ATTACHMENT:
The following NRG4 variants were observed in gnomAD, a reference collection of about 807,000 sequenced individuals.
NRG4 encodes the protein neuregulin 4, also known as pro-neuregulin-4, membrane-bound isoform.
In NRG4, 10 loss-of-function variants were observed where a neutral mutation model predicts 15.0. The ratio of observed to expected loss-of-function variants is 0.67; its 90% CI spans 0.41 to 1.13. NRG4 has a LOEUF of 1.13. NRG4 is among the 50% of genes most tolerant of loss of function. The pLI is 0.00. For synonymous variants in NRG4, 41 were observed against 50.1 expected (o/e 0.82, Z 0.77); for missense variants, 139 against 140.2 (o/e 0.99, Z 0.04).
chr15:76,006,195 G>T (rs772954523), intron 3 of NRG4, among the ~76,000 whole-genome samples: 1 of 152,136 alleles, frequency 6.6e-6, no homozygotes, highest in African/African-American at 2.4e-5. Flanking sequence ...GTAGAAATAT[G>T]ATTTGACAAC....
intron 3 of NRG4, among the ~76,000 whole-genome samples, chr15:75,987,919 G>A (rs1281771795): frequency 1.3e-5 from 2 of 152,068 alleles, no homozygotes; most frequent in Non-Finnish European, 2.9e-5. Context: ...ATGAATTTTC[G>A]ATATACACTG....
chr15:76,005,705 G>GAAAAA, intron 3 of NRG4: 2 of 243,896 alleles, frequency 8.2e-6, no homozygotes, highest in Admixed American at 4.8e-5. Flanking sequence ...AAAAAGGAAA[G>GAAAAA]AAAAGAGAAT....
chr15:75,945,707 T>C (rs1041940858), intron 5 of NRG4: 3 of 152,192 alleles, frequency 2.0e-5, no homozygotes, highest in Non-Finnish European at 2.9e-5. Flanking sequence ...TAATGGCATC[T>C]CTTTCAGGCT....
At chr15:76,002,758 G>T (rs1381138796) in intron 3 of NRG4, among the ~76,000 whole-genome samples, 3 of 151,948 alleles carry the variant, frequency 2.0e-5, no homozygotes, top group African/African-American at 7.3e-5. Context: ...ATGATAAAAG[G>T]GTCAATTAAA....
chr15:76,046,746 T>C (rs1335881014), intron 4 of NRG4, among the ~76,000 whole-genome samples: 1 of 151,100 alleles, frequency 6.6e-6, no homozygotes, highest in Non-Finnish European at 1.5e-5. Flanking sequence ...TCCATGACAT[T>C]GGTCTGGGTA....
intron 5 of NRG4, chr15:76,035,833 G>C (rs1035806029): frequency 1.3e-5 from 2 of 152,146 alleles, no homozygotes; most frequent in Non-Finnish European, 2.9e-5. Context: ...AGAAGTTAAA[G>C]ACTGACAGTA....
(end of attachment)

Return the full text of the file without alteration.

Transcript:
The following NRG4 variants were observed in gnomAD, a reference collection of about 807,000 sequenced individuals.
NRG4 encodes the protein neuregulin 4, also known as pro-neuregulin-4, membrane-bound isoform.
In NRG4, 10 loss-of-function variants were observed where a neutral mutation model predicts 15.0. The ratio of observed to expected loss-of-function variants is 0.67; its 90% CI spans 0.41 to 1.13. NRG4 has a LOEUF of 1.13. NRG4 is among the 50% of genes most tolerant of loss of function. The pLI is 0.00. For synonymous variants in NRG4, 41 were observed against 50.1 expected (o/e 0.82, Z 0.77); for missense variants, 139 against 140.2 (o/e 0.99, Z 0.04).
chr15:76,006,195 G>T (rs772954523), intron 3 of NRG4, among the ~76,000 whole-genome samples: 1 of 152,136 alleles, frequency 6.6e-6, no homozygotes, highest in African/African-American at 2.4e-5. Flanking sequence ...GTAGAAATAT[G>T]ATTTGACAAC....
intron 3 of NRG4, among the ~76,000 whole-genome samples, chr15:75,987,919 G>A (rs1281771795): frequency 1.3e-5 from 2 of 152,068 alleles, no homozygotes; most frequent in Non-Finnish European, 2.9e-5. Context: ...ATGAATTTTC[G>A]ATATACACTG....
chr15:76,005,705 G>GAAAAA, intron 3 of NRG4: 2 of 243,896 alleles, frequency 8.2e-6, no homozygotes, highest in Admixed American at 4.8e-5. Flanking sequence ...AAAAAGGAAA[G>GAAAAA]AAAAGAGAAT....
chr15:75,945,707 T>C (rs1041940858), intron 5 of NRG4: 3 of 152,192 alleles, frequency 2.0e-5, no homozygotes, highest in Non-Finnish European at 2.9e-5. Flanking sequence ...TAATGGCATC[T>C]CTTTCAGGCT....
At chr15:76,002,758 G>T (rs1381138796) in intron 3 of NRG4, among the ~76,000 whole-genome samples, 3 of 151,948 alleles carry the variant, frequency 2.0e-5, no homozygotes, top group African/African-American at 7.3e-5. Context: ...ATGATAAAAG[G>T]GTCAATTAAA....
chr15:76,046,746 T>C (rs1335881014), intron 4 of NRG4, among the ~76,000 whole-genome samples: 1 of 151,100 alleles, frequency 6.6e-6, no homozygotes, highest in Non-Finnish European at 1.5e-5. Flanking sequence ...TCCATGACAT[T>C]GGTCTGGGTA....
intron 5 of NRG4, chr15:76,035,833 G>C (rs1035806029): frequency 1.3e-5 from 2 of 152,146 alleles, no homozygotes; most frequent in Non-Finnish European, 2.9e-5. Context: ...AGAAGTTAAA[G>C]ACTGACAGTA....